The (Very) Sad State Of Our Local Music Today

Oh dear Lord. What has OPM come to? I just read that the local music industry is planning to regulate international acts from performing here in attempts to aid the dying local music scene. Say what?

Honestly, at first I thought it was a sound idea. I first heard those efforts coming from OPM (Organisasyon ng Pilipinong Musikero) head Ogie Alcasid. I almost said kudos to the singer-funnyman. But when you think about it, is this how the Philippine audience would want to be known internationally? Is this how we want international and big-name producers would see us? Don't get me wrong, I support the ends, I want the local music scene to be uplifted too. But I don't want international musicians to not come here because they are being 'squeezed out.' It gives a negative impression.

Then there's the thought - "It's the audience fault, if they only listen to local acts more, then producers wouldn't bother bringing in international names." Guess what? It's never the audience fault. People listen to whom they want to listen to. You can't blame them for liking something they like. We have to study the situation and dig a little deeper and come up with a constructive solution.

Personally, I blame people on the mostly solo pop singers and their community (fans and corporate bosses). Yes, I went out on a limb. Their laziness and lack of artistic integrity ushered in this drought in the OPM scene. I'm not even saying this because I'm more of a rock fan. I'm saying this because this is what I observed. The rock fan base is solid. Whatever foreign gimmick you dangle in front of their faces, unless it fits with their lifestyle and in their ears, they won't bite it. The local rock audience also has this innate love for country. They can look at a foreign band but at the end of the day, they don't forget their local music gods.

Though very loyal, the rock scene can't hold the OPM fort up by itself. OPM is Original PILIPINO Music - it's music from every Filipino, rock, pop and what not. To me, the pop scene did not do their part. What am I talking about? Sure there are solids like Sarah Geronimo (but with her I have a bone to pick with). I believe that their endless barrage or revivals killed the local music industry. Sure, it was working for a while. Why? Because that specific audience had nothing else to listen to! Who were the international pop superstars 4 or 5 years ago? There was no Lady Gaga and Justin Bieber. So any pop music you shove up these people's throats, they'll gladly swallow. The formula was this:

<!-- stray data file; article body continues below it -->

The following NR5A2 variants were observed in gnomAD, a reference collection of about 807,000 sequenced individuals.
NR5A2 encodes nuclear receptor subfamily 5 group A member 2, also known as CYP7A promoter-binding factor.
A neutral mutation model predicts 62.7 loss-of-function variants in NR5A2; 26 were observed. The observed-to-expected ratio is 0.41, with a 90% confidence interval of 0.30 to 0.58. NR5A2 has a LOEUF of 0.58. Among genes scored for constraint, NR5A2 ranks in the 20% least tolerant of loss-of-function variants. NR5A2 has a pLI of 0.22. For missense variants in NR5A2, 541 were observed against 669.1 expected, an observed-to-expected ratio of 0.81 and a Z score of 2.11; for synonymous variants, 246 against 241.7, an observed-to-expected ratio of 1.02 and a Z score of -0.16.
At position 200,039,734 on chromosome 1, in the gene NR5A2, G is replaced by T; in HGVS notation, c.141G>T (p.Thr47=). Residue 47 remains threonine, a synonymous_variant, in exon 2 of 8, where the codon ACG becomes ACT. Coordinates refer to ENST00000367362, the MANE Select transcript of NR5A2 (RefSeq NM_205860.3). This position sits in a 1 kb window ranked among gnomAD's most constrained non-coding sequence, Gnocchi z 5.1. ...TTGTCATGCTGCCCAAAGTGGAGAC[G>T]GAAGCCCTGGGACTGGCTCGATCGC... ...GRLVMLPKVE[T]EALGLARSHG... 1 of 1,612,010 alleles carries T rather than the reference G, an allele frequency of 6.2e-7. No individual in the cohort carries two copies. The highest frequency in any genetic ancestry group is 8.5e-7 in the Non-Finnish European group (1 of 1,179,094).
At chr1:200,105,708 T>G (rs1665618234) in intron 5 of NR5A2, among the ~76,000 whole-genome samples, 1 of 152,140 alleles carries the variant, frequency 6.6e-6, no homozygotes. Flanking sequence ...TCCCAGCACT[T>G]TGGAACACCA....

familiar tune/lyrics + popular singer = $$$$

Where is the artistic integrity in that? Sure some rock bands came out when they were all the hype around 2005 and the crappy ones died out. But the solid ones stayed on. They were true musicians.

What happened when a new pop flavor is introduced? What happened when the world gave birth to Lady Gaga, Justin Bieber and KPop? The pop fans flocked to them because 1) they were 'fresh' in some way and 2) they had marketing and media giants behind them. So even if they were crappy themselves, all the publicity kept them alive. Fans were tired of our local singers doing another 80's or 90's tune.

I think they did revivals so much and so often because of the money. Revivals don't require as much time, money and effort as originals. Sure it still needs a little work but not nearly as much as originals do. They can pump out a new album every year and fans will still eat them up. But in return, musicians sacrifice your craft, and your audience gets tired fast.

Of all the 'singers' in ASAP and Party Pilipinas, how many has the ability to hold his or her own major concert these days? How many of those are doing pure originals? Or not even pure originals, just mostly originals.

Yesterday's concert kings and queens would be ashamed of our soloists today. When they handed down the torch to this generations musicians, this new generation said "Thanks, we'll try to keep it alive with revivals of your generation's music. We won't do anything new since your generation seemed to do well."

So what do we do?

Obviously we must do something. I don't think regulating foreign acts is the answer. I say we work on local talent. It has been said over and over (and over) again that the country is full of talent. Why not work on them? Harness these talents. Give challenges to the mainstream stars. Encourage them to innovate. Force them to come up with something new that the audience will like. For heaven's sake, don't make them do one revival after the other. For those still not discovered, give them channels to showcase what they have, and I'm not talking just TV competitions. I think the government should give the youth an avenue or a place where they can improve and show their talents - maybe and after school program or something. And this should be something that can give these little voices a big opportunity. And for heaven's sake, learn to embrace new media!! (yes, that sentence deserves two exclamation points) The Philippines' two international musicians found their fame in YouTube. One of the world's biggest names today also found his luck through YouTube - Justin Bieber. There is money and opportunity in the Intarwebs people, have you not realized that yet?!

In the end, I hope this is all just a vicious cycle. Remember around ten years ago, the industry was also struggling. Around the turn of the decade the local music scene struggles and things seem to pickup every mid-decade. If that's the case then I'm a little relieved. It means we can only expect things to get better in the future. But then again, I don't want to go over this again in ten years.